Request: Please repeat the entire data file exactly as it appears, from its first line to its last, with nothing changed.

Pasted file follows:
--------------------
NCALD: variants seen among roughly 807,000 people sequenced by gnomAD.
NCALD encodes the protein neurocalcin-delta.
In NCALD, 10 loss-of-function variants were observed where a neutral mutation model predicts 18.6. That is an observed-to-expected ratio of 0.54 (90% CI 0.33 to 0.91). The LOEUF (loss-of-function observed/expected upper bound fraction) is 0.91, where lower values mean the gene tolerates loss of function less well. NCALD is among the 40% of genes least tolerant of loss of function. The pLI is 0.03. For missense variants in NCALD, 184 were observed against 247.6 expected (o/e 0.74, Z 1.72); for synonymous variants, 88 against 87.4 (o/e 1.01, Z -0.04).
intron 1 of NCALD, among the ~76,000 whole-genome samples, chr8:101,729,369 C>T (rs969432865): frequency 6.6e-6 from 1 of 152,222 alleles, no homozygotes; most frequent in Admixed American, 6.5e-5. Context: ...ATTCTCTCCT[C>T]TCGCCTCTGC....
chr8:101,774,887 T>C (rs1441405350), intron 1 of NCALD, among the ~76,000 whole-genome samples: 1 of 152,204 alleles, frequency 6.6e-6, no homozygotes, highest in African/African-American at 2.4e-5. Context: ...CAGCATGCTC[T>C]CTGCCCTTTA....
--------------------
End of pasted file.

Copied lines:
NCALD: variants seen among roughly 807,000 people sequenced by gnomAD.
NCALD encodes the protein neurocalcin-delta.
In NCALD, 10 loss-of-function variants were observed where a neutral mutation model predicts 18.6. That is an observed-to-expected ratio of 0.54 (90% CI 0.33 to 0.91). The LOEUF (loss-of-function observed/expected upper bound fraction) is 0.91, where lower values mean the gene tolerates loss of function less well. NCALD is among the 40% of genes least tolerant of loss of function. The pLI is 0.03. For missense variants in NCALD, 184 were observed against 247.6 expected (o/e 0.74, Z 1.72); for synonymous variants, 88 against 87.4 (o/e 1.01, Z -0.04).
intron 1 of NCALD, among the ~76,000 whole-genome samples, chr8:101,729,369 C>T (rs969432865): frequency 6.6e-6 from 1 of 152,222 alleles, no homozygotes; most frequent in Admixed American, 6.5e-5. Context: ...ATTCTCTCCT[C>T]TCGCCTCTGC....
chr8:101,774,887 T>C (rs1441405350), intron 1 of NCALD, among the ~76,000 whole-genome samples: 1 of 152,204 alleles, frequency 6.6e-6, no homozygotes, highest in African/African-American at 2.4e-5. Context: ...CAGCATGCTC[T>C]CTGCCCTTTA....